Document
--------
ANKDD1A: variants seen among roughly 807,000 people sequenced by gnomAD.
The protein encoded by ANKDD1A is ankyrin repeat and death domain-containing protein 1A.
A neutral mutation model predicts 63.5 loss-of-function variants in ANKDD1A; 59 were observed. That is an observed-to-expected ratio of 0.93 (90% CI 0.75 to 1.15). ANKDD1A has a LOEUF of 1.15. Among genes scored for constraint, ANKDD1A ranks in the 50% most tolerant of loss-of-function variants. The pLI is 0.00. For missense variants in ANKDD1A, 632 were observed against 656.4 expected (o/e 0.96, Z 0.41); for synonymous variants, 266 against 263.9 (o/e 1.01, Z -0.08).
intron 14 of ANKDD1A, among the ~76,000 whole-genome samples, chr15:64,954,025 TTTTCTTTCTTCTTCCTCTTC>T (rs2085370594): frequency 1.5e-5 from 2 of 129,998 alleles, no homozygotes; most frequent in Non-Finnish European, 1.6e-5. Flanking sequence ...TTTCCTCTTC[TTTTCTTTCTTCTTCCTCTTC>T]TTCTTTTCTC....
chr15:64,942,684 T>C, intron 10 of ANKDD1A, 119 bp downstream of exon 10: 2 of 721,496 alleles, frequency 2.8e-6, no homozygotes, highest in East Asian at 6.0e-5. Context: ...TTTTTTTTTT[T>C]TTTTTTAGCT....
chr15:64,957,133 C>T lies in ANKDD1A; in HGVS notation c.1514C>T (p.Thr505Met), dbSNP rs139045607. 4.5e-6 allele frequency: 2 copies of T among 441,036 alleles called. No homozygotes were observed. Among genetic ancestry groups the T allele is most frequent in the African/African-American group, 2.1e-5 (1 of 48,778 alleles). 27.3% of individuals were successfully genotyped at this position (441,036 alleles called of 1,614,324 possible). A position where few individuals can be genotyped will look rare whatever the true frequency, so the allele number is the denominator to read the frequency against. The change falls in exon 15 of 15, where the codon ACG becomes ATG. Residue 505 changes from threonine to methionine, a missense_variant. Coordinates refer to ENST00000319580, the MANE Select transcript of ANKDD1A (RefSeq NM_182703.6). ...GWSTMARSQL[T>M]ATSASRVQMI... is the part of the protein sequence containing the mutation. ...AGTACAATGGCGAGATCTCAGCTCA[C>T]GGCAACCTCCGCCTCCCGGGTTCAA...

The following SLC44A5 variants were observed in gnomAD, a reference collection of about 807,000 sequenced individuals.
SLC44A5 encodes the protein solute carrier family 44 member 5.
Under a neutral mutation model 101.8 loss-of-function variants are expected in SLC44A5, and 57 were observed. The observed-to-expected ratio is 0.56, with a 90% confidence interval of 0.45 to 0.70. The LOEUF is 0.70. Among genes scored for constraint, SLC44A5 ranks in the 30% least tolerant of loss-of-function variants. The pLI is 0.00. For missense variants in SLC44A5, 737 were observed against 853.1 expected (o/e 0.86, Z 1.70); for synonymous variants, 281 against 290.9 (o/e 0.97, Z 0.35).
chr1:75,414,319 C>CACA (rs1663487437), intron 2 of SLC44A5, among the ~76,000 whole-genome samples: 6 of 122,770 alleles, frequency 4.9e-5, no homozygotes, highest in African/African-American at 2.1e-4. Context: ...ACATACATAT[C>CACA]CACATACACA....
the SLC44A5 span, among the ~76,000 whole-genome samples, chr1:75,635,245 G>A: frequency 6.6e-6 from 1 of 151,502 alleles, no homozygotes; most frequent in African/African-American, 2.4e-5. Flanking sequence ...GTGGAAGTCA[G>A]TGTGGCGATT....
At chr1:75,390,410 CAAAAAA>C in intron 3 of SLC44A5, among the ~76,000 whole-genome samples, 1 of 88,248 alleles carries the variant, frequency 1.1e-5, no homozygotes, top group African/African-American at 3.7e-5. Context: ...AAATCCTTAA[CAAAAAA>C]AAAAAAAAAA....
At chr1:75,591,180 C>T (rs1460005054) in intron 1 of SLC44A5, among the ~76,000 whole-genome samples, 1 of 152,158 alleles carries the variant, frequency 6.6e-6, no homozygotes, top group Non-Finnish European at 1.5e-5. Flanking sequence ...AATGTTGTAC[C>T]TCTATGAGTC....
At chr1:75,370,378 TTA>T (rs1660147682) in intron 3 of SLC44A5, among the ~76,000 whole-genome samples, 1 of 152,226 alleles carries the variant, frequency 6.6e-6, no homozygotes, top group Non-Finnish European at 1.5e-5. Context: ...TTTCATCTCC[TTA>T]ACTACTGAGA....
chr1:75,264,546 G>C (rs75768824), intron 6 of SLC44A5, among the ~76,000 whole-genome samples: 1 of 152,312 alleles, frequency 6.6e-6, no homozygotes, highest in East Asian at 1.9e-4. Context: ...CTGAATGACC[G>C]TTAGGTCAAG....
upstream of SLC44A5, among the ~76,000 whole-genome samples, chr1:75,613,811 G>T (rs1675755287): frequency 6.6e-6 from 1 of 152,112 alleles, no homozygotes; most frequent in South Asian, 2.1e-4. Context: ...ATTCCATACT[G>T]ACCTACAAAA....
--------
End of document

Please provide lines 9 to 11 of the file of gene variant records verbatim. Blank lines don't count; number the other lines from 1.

Under a neutral mutation model 101.8 loss-of-function variants are expected in SLC44A5, and 57 were observed. The observed-to-expected ratio is 0.56, with a 90% confidence interval of 0.45 to 0.70. The LOEUF is 0.70. Among genes scored for constraint, SLC44A5 ranks in the 30% least tolerant of loss-of-function variants. The pLI is 0.00. For missense variants in SLC44A5, 737 were observed against 853.1 expected (o/e 0.86, Z 1.70); for synonymous variants, 281 against 290.9 (o/e 0.97, Z 0.35).
chr1:75,414,319 C>CACA (rs1663487437), intron 2 of SLC44A5, among the ~76,000 whole-genome samples: 6 of 122,770 alleles, frequency 4.9e-5, no homozygotes, highest in African/African-American at 2.1e-4. Context: ...ACATACATAT[C>CACA]CACATACACA....
the SLC44A5 span, among the ~76,000 whole-genome samples, chr1:75,635,245 G>A: frequency 6.6e-6 from 1 of 151,502 alleles, no homozygotes; most frequent in African/African-American, 2.4e-5. Flanking sequence ...GTGGAAGTCA[G>A]TGTGGCGATT....